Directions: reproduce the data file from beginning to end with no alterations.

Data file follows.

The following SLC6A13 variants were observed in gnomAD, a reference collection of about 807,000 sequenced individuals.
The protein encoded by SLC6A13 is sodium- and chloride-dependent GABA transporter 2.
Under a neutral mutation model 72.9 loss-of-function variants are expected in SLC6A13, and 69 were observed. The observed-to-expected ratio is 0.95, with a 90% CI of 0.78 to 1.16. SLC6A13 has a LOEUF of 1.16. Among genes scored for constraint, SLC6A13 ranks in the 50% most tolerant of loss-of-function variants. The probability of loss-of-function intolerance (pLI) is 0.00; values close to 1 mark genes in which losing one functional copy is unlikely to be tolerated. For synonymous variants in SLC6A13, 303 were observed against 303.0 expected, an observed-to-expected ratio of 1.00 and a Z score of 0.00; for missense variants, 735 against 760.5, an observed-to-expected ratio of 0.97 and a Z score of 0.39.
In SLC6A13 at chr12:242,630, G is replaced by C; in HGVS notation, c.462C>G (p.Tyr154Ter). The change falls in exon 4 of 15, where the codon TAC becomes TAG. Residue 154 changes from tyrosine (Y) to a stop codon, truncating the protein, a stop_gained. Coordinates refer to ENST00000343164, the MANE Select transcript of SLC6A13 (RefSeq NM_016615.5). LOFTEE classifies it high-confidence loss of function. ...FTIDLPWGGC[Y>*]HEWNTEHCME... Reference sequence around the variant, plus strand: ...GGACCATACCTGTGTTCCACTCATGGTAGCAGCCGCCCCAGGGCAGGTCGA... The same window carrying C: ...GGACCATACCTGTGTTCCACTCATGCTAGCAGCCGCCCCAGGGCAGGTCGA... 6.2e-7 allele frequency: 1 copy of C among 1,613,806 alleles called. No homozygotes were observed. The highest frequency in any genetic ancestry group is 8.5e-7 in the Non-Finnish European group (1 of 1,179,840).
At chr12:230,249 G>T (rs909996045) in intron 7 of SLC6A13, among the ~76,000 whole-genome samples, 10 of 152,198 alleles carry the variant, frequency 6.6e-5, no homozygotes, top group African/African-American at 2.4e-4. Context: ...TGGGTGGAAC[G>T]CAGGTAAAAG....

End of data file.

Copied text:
The following SLC6A13 variants were observed in gnomAD, a reference collection of about 807,000 sequenced individuals.
The protein encoded by SLC6A13 is sodium- and chloride-dependent GABA transporter 2.
Under a neutral mutation model 72.9 loss-of-function variants are expected in SLC6A13, and 69 were observed. The observed-to-expected ratio is 0.95, with a 90% CI of 0.78 to 1.16. SLC6A13 has a LOEUF of 1.16. Among genes scored for constraint, SLC6A13 ranks in the 50% most tolerant of loss-of-function variants. The probability of loss-of-function intolerance (pLI) is 0.00; values close to 1 mark genes in which losing one functional copy is unlikely to be tolerated. For synonymous variants in SLC6A13, 303 were observed against 303.0 expected, an observed-to-expected ratio of 1.00 and a Z score of 0.00; for missense variants, 735 against 760.5, an observed-to-expected ratio of 0.97 and a Z score of 0.39.
In SLC6A13 at chr12:242,630, G is replaced by C; in HGVS notation, c.462C>G (p.Tyr154Ter). The change falls in exon 4 of 15, where the codon TAC becomes TAG. Residue 154 changes from tyrosine (Y) to a stop codon, truncating the protein, a stop_gained. Coordinates refer to ENST00000343164, the MANE Select transcript of SLC6A13 (RefSeq NM_016615.5). LOFTEE classifies it high-confidence loss of function. ...FTIDLPWGGC[Y>*]HEWNTEHCME... Reference sequence around the variant, plus strand: ...GGACCATACCTGTGTTCCACTCATGGTAGCAGCCGCCCCAGGGCAGGTCGA... The same window carrying C: ...GGACCATACCTGTGTTCCACTCATGCTAGCAGCCGCCCCAGGGCAGGTCGA... 6.2e-7 allele frequency: 1 copy of C among 1,613,806 alleles called. No homozygotes were observed. The highest frequency in any genetic ancestry group is 8.5e-7 in the Non-Finnish European group (1 of 1,179,840).
At chr12:230,249 G>T (rs909996045) in intron 7 of SLC6A13, among the ~76,000 whole-genome samples, 10 of 152,198 alleles carry the variant, frequency 6.6e-5, no homozygotes, top group African/African-American at 2.4e-4. Context: ...TGGGTGGAAC[G>T]CAGGTAAAAG....